Vanderbilt Clinical Neurosciences
Living with Stroke
After a Stroke
Once a patient goes home from the hospital after having a stoke and his or her doctor gives the OK to start exercising, rehabilitation begins. Most stroke rehabilitation programs last several weeks to several months.
Successful rehabilitation is a team effort, and depends on:
- Extent of the brain injury
- Patient's attitude
- Rehabilitation team's skill
- Taking the correct medicines
- Cooperation and support of family and friends
The goal of rehab is to help patients take care of themselves as much as possible. Some patients may have to re-learn things or learn new ways to do things. It's also important to stay in good shape. About 1 in 20 stroke patients will need long-term help for everyday things such as eating, dressing, using the bathroom and bathing.
The rehab program consists of specially trained therapists help in many ways:
- Physical therapy helps build muscle strength and teaches ways to move safely with weak or paralyzed muscles.
- Occupational therapy helps patients relearn ways of eating, dressing, grooming and other daily activities.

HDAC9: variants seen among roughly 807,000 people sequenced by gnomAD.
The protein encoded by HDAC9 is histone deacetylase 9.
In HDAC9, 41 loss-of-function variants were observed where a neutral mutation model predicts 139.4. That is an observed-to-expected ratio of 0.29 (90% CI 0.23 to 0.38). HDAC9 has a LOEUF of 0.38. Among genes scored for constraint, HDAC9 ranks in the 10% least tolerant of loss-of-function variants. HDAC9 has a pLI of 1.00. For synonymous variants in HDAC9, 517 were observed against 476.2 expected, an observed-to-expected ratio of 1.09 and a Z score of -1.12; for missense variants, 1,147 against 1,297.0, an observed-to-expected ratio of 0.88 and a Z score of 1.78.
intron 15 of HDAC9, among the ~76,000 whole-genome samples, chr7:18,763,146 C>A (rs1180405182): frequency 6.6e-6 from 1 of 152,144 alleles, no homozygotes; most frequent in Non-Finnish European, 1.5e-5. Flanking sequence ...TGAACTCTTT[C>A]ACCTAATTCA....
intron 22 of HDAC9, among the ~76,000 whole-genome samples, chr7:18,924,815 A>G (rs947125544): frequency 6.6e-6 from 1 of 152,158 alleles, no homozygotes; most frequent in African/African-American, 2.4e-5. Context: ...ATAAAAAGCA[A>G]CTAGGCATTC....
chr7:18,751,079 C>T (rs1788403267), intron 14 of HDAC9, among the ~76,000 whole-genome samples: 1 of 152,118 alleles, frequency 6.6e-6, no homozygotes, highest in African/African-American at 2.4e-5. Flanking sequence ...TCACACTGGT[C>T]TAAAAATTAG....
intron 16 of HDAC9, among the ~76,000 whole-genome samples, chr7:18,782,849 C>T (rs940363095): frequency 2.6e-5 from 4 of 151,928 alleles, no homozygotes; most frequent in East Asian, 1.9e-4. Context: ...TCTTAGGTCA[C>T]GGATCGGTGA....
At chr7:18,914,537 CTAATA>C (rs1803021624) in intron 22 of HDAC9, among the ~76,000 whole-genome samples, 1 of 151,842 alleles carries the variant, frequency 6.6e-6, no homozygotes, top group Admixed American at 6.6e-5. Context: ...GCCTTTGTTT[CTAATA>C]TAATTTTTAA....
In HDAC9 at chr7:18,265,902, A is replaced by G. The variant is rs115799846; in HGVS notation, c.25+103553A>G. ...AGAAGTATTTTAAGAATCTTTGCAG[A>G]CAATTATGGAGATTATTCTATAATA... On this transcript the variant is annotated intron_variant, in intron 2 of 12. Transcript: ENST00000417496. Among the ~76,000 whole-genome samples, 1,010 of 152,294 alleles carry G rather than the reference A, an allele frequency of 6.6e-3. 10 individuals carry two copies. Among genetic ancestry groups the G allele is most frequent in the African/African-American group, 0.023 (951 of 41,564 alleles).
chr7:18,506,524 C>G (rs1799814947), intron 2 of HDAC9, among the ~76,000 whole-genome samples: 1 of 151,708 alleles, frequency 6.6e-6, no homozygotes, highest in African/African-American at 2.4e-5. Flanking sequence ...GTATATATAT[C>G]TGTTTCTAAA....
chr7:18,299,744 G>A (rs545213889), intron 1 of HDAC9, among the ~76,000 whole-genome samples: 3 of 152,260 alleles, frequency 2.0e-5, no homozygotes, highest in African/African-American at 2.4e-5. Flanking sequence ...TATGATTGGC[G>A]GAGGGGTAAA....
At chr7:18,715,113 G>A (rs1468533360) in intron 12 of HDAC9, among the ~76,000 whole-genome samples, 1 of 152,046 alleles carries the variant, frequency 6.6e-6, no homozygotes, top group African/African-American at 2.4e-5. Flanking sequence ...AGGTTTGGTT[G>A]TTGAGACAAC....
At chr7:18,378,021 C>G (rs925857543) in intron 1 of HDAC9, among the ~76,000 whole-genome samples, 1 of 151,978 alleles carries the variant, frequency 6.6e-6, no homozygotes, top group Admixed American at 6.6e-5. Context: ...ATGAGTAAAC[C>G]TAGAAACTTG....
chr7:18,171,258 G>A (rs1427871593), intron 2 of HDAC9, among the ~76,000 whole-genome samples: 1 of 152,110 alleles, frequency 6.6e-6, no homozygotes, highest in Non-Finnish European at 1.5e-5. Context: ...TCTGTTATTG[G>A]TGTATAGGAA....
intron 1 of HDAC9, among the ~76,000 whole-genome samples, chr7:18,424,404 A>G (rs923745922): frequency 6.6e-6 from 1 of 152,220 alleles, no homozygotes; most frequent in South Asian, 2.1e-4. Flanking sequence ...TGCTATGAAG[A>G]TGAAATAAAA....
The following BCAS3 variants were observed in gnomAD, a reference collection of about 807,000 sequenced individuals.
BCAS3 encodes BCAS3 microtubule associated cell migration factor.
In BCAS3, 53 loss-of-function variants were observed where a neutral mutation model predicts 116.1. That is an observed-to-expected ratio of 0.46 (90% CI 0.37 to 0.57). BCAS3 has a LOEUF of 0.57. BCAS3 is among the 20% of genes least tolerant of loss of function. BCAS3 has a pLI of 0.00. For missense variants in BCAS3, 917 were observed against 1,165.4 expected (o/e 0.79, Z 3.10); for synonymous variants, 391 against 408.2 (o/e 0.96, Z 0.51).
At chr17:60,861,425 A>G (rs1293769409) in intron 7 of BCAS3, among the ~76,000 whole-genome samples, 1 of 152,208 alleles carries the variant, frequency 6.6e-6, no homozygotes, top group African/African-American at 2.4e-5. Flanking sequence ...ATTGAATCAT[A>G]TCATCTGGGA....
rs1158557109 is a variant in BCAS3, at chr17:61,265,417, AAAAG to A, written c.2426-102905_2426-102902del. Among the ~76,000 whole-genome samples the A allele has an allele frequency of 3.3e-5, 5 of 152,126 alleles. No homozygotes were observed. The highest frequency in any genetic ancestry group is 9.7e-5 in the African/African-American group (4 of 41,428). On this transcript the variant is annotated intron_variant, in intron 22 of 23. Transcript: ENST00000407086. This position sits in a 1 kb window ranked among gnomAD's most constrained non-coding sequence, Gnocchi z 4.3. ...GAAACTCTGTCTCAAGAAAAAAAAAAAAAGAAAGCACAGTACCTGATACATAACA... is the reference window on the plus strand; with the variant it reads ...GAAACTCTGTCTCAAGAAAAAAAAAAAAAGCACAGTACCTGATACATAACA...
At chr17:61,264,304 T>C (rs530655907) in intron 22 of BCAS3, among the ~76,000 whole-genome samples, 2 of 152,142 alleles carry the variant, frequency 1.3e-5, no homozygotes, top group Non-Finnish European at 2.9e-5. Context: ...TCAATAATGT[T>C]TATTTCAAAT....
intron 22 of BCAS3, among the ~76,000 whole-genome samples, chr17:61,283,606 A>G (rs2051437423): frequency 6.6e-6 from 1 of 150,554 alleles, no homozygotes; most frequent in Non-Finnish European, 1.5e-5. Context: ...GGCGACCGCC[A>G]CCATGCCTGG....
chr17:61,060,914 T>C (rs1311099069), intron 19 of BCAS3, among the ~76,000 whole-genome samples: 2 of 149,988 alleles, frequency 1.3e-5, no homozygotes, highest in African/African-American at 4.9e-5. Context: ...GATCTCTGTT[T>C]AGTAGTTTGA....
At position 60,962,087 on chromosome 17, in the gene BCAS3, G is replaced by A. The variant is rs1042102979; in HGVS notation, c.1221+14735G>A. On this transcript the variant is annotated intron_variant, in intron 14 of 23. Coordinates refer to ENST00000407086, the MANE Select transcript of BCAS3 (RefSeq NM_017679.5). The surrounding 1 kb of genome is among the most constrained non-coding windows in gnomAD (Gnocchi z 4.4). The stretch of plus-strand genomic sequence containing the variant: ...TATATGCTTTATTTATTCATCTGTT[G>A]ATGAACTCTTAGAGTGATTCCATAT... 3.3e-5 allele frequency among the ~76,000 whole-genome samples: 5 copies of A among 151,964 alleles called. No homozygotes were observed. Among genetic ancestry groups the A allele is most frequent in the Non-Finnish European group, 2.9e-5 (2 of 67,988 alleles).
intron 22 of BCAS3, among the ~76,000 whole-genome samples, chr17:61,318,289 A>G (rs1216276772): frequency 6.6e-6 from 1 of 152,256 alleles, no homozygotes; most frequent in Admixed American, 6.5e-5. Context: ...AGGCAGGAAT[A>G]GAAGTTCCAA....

- Speech therapy can help with problems swallowing, speaking and understanding or remembering things.
Recovery depends on how badly the stroke damaged the brain. Some patients improve a great deal in the first days and weeks after a stroke. Other improvement may happen slowly. If recovery does not begin within 2 weeks of a stroke, some muscle movement and speech may not return. However, it's common to regain speech and muscle strength over the next year.
Emotions and Intellect
It may be hard to plan and do simple things after a stroke. Stroke patients may not know how to begin or finish something. They may put on a shoe and then try to put on the sock, or they may forget how to do things they were used to doing before their stroke. More than 50% of people who have a stroke suffer from a treatable depression. If untreated, depression may delay recovery. Talk with your doctor if you feel very sad or irritable.
After a stroke, patients may cry easily or have sudden mood swings, often for no reason. Some patients laugh for no reason. A stroke can also affect seeing, touching, moving and thinking. For example, a person might see everyday objects that are not there, or see them in strange ways.
Stroke Support Group
Stroke Support Group Meetings are at at 5:30 p.m. every second Thursday of each month. They are held at the Vanderbilt Stallworth Rehabilitation Hospital at 2201 Children's Way in the cafeteria on the 2nd floor. Please contact Shelby (Nye) Bush at email@example.com for more information or to be added to the monthly email list.